Book Review: A Quiet Place by Seicho Matsumoto

a quiet placeWhile away on a business trip, Tsuneo Asai, a section chief in the Ministry of Agriculture and Forestry, learns that his wife, Eiko, has died suddenly back in Tokyo. It transpires that Eiko suffered a fatal heart attack while walking up a hilly street in a part of the city that Asai is certain would have been unfamiliar to her.

Why was Eiko there in the first place? Apart from knowing no one there, Eiko had a weak heart and would have surely avoided walking up the rather steep hill.

When Asai pays a courtesy call to the woman who tried to help Eiko and in whose cosmetics store his wife died in, he notices a love hotel on the street and begins to question what he think he knows about his wife’s life, and what he’s been told about her death.Read More »

Susan Saves the Day!

susan sandsI couldn’t resist buying this book today: The Riddle of Raggedrock Ridge, #4 in Marilyn Ezzell’s Susan Sand Mystery Stories series.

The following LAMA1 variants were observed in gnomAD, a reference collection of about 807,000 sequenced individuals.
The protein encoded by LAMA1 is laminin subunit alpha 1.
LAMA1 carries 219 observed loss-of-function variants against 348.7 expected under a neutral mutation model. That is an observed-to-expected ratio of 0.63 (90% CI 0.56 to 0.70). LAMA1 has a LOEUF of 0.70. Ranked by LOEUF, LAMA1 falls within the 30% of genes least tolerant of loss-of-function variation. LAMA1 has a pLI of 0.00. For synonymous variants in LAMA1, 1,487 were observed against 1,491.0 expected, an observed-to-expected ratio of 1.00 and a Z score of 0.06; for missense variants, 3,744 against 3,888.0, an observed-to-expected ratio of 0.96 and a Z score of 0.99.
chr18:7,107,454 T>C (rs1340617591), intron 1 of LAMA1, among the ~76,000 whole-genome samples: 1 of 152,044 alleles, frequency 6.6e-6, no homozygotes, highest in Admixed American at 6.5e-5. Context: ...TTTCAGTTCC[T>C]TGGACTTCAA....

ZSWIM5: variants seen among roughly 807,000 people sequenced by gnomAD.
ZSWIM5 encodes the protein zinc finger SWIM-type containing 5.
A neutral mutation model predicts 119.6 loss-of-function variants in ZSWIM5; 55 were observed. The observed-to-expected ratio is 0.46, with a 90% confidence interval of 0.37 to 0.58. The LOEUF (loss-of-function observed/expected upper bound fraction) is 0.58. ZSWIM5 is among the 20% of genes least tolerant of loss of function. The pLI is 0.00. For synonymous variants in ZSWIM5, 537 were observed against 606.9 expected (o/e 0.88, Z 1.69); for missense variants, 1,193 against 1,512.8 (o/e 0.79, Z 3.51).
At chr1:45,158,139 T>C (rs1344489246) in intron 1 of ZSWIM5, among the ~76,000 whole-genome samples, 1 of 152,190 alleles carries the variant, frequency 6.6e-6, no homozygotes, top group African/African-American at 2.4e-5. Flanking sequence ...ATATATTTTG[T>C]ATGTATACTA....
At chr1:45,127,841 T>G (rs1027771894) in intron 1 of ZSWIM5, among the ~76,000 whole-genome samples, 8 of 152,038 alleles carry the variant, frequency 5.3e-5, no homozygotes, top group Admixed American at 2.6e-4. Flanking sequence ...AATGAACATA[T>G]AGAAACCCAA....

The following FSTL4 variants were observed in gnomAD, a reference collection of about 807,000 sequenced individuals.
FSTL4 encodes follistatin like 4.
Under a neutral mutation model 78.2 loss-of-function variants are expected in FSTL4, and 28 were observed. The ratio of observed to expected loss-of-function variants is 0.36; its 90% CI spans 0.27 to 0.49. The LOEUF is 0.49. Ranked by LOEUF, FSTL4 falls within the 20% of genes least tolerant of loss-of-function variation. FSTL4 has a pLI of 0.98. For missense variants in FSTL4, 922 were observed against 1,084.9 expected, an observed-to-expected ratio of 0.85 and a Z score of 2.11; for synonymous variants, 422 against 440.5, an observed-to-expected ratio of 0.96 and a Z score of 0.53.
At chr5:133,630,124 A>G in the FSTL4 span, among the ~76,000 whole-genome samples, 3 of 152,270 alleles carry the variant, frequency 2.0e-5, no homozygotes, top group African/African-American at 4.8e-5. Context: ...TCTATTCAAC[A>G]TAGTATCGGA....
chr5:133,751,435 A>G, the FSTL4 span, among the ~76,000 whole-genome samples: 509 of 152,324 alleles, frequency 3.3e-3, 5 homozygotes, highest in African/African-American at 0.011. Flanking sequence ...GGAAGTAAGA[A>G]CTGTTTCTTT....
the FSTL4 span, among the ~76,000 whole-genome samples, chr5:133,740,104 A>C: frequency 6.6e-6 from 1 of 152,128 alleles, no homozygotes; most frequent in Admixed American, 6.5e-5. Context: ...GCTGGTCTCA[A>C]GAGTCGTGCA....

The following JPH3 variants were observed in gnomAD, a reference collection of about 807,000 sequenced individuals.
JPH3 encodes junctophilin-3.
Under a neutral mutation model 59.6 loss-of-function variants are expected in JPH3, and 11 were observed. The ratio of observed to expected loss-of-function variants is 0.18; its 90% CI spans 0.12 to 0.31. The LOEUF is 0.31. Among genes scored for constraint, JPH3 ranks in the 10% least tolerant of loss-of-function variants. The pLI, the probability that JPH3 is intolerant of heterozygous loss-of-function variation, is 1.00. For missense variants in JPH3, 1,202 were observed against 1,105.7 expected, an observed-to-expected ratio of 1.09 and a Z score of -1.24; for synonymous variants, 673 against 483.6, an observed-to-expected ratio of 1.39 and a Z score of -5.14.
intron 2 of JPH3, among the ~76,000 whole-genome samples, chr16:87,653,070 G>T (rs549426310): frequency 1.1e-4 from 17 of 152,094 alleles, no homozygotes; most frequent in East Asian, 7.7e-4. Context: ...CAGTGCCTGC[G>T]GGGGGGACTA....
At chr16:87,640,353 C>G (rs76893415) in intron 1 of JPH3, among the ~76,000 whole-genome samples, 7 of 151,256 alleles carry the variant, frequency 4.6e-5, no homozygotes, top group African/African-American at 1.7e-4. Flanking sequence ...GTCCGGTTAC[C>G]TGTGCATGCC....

I found it at that grubby secondhand bookstore in Amcorp Mall – the very one where I once found a first edition of Antonia Forest’s The Player’s Boy; and where, today, I found two old Kaye Webb-era Puffins: Catweazle by Richard Carpenter, and The Rifle House Friendsby Lois Lamplugh.

But back to Susan Sand. O.M.G.

I’ve never seen or heard of this series before. It’s a Nancy Drew wannabe of course, but I think it’s also  a parody of sorts.Read More »

Interview: Qiu Xiaolong

This interview was first published on 27th May 2007 in The Star

qiu-xialongBy DAPHNE LEE

LAST year, The Wall Street Journal published its list of five best political novels. In first place was Anthony Trollope’s The Prime Minister. At number three was Qiu Xiaolong’s Death of a Red Heroine.

The book, published in 2000, was the debut novel of Qiu, and the first in what was to become a detective series set in present-day Shanghai featuring Chief Inspector Chen, a police officer with a love for food and poetry.

“It was not my intention to write a political novel, or a series for that matter – that was my publisher’s idea,” says Qiu during a recent interview conducted while in transit in Kuala Lumpur, on his way to a book festival in Shanghai. Read More »